The German offensive had begun to solve some of their logistical problems and exposed flanks. Counterattacks by British, French, and ANZAC forces slowed but failed to stop the German advance. On April 29 reports of the German army reaching the Yser river reached all commanders.
As with Michael, losses were roughly equal, approximately 110,000 men wounded or killed, each. However, the strategic results were successful for the Germans. Hazebrouck was now in German hands and the Germans occupied a vulnerable salient under fire from three sides. The British abandoned the comparatively worthless territory they had captured at vast cost the previous year around Ypres, to defend the Channel.
While Georgette achieved success, a new attack on French positions was planned to draw forces further away from the Channel and enable greater German progress in the north. The strategic objective remained to split the British and the French.
The German attack took place on May 27, between Soissons and Reims. The sector was partly held by six depleted British divisions which were "resting" after their exertions earlier in the year. In this sector, the defences had not been developed in depth, mainly due to the obstinacy of the commander of the French Sixth Army, General Denis Auguste Duchêne. As a result, the Feuerwalze was very effective and the Allied front, with a few notable exceptions, collapsed. Duchêne's massing of his troops in the forward trenches also meant there were no local reserves to delay the Germans once the front had broken. Despite French and British resistance on the flanks, German troops advanced to the Marne River and Paris seemed a realistic objective. There was a febrile atmosphere in Paris, which German long-range guns had been shelling since March 21, with many citizens fleeing and the government drawing up plans to evacuate to Bordeaux. However, Senegalese sharpshooters halted the German advance at Château-Thierry.
Yet again, losses were much the same on each side: 137,000 Allied and 130,000 German casualties up to June 6. German losses were again mainly from the difficult-to-replace assault divisions.
Although Ludendorff had intended Blücher-Yorck to be a prelude to a decisive offensive (Hagen) to defeat the British forces further north, he made the error of reinforcing merely tactical success by moving reserves from Flanders to the Aisne, whereas Foch and Haig did not overcommit reserves to the Aisne. Ludendorff sought to extend Blücher-Yorck westwards with Operation Gneisenau, intending to draw yet more Allied reserves south, widen the German salient and link with the German salient at Amiens.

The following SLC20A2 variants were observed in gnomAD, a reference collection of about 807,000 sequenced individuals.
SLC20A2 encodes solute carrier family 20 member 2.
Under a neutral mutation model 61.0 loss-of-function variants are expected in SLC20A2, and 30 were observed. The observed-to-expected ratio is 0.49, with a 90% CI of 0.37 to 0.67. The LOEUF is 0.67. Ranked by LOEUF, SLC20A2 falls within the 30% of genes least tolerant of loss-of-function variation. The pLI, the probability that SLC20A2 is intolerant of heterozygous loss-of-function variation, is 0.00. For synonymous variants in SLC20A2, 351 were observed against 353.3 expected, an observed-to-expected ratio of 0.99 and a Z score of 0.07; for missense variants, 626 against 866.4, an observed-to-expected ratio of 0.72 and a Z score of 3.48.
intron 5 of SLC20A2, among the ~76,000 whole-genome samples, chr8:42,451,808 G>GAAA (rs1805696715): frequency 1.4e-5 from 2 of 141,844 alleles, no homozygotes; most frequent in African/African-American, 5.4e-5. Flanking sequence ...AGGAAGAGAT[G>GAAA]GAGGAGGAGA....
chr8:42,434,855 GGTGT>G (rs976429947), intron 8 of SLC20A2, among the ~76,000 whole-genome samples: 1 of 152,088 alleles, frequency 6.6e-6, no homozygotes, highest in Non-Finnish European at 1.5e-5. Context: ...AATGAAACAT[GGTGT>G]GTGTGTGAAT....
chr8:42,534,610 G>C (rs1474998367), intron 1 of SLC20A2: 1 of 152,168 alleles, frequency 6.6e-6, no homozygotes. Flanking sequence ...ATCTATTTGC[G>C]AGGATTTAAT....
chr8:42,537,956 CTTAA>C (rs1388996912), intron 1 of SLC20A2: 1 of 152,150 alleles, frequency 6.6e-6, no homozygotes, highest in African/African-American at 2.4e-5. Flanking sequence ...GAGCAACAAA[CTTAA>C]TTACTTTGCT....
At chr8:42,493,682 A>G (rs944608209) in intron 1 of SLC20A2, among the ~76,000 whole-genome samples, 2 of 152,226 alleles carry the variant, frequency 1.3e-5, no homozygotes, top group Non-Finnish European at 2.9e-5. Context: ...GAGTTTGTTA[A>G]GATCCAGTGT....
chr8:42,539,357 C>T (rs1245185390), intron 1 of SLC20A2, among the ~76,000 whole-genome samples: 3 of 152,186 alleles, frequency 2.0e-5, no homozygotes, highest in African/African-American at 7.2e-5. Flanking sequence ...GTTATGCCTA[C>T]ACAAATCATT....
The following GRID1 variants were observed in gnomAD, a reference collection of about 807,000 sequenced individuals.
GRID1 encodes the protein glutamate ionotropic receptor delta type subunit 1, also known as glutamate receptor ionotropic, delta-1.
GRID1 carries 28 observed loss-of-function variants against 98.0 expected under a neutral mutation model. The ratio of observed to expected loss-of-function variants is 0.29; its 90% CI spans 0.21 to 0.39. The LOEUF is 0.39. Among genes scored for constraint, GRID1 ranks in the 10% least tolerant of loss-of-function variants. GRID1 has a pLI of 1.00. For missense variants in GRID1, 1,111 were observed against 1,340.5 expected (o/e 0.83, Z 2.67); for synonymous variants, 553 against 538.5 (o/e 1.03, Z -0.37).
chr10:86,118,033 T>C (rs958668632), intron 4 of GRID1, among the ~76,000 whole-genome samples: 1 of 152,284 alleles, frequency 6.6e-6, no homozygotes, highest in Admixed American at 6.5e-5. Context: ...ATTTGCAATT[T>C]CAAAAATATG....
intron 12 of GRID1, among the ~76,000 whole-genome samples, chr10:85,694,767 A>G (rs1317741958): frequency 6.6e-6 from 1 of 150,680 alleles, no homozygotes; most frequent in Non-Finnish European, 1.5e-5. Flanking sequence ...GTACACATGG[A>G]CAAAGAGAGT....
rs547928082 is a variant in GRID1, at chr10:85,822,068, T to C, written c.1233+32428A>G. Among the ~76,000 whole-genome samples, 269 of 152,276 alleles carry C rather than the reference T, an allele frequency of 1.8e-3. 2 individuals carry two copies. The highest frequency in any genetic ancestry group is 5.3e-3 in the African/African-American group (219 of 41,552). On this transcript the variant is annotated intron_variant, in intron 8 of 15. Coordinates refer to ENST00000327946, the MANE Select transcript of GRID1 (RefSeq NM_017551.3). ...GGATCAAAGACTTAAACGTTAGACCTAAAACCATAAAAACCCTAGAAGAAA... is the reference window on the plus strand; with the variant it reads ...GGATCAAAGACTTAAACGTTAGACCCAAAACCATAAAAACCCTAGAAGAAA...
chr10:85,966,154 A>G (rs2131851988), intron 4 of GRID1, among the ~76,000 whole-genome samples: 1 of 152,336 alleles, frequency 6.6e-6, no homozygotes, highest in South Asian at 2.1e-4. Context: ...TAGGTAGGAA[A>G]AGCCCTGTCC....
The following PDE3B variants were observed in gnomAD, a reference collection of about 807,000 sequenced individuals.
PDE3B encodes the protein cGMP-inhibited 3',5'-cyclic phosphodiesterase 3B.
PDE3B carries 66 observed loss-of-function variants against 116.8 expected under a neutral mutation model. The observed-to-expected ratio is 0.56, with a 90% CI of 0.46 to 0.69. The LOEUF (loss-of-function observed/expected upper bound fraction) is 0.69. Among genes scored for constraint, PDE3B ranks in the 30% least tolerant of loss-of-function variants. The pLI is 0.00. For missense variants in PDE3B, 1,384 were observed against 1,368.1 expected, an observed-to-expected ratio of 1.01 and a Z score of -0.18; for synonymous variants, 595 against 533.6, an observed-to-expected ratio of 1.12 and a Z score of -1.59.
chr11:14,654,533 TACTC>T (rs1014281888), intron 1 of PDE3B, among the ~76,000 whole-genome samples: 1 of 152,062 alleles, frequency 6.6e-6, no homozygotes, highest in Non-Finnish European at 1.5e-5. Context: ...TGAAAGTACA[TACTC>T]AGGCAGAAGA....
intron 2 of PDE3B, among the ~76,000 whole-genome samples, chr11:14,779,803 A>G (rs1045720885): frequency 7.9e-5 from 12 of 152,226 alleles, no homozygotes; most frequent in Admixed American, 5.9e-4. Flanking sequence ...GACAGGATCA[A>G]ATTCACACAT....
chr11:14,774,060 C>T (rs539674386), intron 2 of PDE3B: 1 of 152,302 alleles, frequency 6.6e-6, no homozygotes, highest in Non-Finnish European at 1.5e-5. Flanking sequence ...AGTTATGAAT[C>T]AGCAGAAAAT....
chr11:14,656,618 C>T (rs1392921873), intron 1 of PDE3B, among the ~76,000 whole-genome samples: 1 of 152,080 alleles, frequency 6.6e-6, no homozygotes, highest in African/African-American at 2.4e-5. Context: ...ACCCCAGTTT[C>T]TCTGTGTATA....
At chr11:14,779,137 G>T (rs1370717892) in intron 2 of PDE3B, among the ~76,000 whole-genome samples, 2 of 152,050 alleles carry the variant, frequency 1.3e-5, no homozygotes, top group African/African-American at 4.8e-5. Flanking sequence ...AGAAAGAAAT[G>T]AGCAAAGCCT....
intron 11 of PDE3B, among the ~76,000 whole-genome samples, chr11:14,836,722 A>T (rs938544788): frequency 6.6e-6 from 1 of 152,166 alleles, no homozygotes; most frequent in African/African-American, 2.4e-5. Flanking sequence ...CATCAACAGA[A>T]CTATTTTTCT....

The French had been warned of this attack (the Battle of Matz) by information from German prisoners, and their defence in depth reduced the impact of the artillery bombardment on June 9. Nonetheless, the German advance (consisting of 21 divisions attacking over a 23 mi (37 km) front) along the Matz River was impressive, resulting in an advance of 9 miles (14 km) despite fierce French resistance. At Compiègne, a sudden French counter-attack on June 11, by four divisions and 150 tanks (under General Charles Mangin) with no preliminary bombardment, caught the Germans by surprise and halted their advance. Gneisenau was called off the following day.
Losses were approximately 35,000 Allied and 30,000 German.
Last German attack
Ludendorff now postponed Hagen and launched the German Seventh, First and Third Armies in the Friedensturm (Peace Offensive) of July 15, a renewed attempt to draw Allied reserves south from Flanders, and to expand the salient created by Blücher-Yorck eastwards. An attack east of Rheims was thwarted by the French defence in depth. In many sectors the Germans, continued to surprise the Allies as their air force had achieved air superiority.
German troops southwest of Rheims succeeded in crossing the River Marne, the French launched a major offensive of their own on the west side of the salient on July 18, threatening to cut off the Germans in the salient. Ludendorff managed to hold the salient and by August 7 the British and French armies were completely exhausted by fighting.